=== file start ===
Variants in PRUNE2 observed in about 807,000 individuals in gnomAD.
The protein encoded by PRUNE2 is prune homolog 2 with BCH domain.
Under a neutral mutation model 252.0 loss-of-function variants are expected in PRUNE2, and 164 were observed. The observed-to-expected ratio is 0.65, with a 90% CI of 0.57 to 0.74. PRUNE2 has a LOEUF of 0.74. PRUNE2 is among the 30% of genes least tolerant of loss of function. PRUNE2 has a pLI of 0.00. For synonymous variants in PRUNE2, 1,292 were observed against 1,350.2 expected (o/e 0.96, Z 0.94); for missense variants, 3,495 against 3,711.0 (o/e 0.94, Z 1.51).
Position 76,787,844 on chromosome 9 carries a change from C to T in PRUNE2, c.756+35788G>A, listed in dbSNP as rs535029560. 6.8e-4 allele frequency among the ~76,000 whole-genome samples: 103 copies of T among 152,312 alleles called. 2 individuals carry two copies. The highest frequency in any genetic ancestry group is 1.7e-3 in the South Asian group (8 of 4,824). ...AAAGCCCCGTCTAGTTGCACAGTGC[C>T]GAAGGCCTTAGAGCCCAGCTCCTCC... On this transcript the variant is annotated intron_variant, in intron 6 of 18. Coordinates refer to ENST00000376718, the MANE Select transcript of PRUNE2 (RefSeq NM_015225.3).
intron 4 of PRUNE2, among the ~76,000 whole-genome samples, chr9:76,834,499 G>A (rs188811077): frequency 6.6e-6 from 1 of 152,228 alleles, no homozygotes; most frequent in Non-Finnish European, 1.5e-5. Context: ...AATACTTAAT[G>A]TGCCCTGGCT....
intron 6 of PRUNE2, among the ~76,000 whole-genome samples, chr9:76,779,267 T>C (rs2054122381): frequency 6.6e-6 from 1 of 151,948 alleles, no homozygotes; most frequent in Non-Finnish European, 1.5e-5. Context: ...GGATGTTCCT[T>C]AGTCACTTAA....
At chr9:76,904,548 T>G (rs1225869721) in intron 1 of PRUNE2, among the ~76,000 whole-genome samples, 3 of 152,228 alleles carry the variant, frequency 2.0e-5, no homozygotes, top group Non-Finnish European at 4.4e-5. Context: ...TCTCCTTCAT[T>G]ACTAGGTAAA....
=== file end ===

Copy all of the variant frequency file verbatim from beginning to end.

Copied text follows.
Variants in PRUNE2 observed in about 807,000 individuals in gnomAD.
The protein encoded by PRUNE2 is prune homolog 2 with BCH domain.
Under a neutral mutation model 252.0 loss-of-function variants are expected in PRUNE2, and 164 were observed. The observed-to-expected ratio is 0.65, with a 90% CI of 0.57 to 0.74. PRUNE2 has a LOEUF of 0.74. PRUNE2 is among the 30% of genes least tolerant of loss of function. PRUNE2 has a pLI of 0.00. For synonymous variants in PRUNE2, 1,292 were observed against 1,350.2 expected (o/e 0.96, Z 0.94); for missense variants, 3,495 against 3,711.0 (o/e 0.94, Z 1.51).
Position 76,787,844 on chromosome 9 carries a change from C to T in PRUNE2, c.756+35788G>A, listed in dbSNP as rs535029560. 6.8e-4 allele frequency among the ~76,000 whole-genome samples: 103 copies of T among 152,312 alleles called. 2 individuals carry two copies. The highest frequency in any genetic ancestry group is 1.7e-3 in the South Asian group (8 of 4,824). ...AAAGCCCCGTCTAGTTGCACAGTGC[C>T]GAAGGCCTTAGAGCCCAGCTCCTCC... On this transcript the variant is annotated intron_variant, in intron 6 of 18. Coordinates refer to ENST00000376718, the MANE Select transcript of PRUNE2 (RefSeq NM_015225.3).
intron 4 of PRUNE2, among the ~76,000 whole-genome samples, chr9:76,834,499 G>A (rs188811077): frequency 6.6e-6 from 1 of 152,228 alleles, no homozygotes; most frequent in Non-Finnish European, 1.5e-5. Context: ...AATACTTAAT[G>A]TGCCCTGGCT....
intron 6 of PRUNE2, among the ~76,000 whole-genome samples, chr9:76,779,267 T>C (rs2054122381): frequency 6.6e-6 from 1 of 151,948 alleles, no homozygotes; most frequent in Non-Finnish European, 1.5e-5. Context: ...GGATGTTCCT[T>C]AGTCACTTAA....
At chr9:76,904,548 T>G (rs1225869721) in intron 1 of PRUNE2, among the ~76,000 whole-genome samples, 3 of 152,228 alleles carry the variant, frequency 2.0e-5, no homozygotes, top group Non-Finnish European at 4.4e-5. Context: ...TCTCCTTCAT[T>G]ACTAGGTAAA....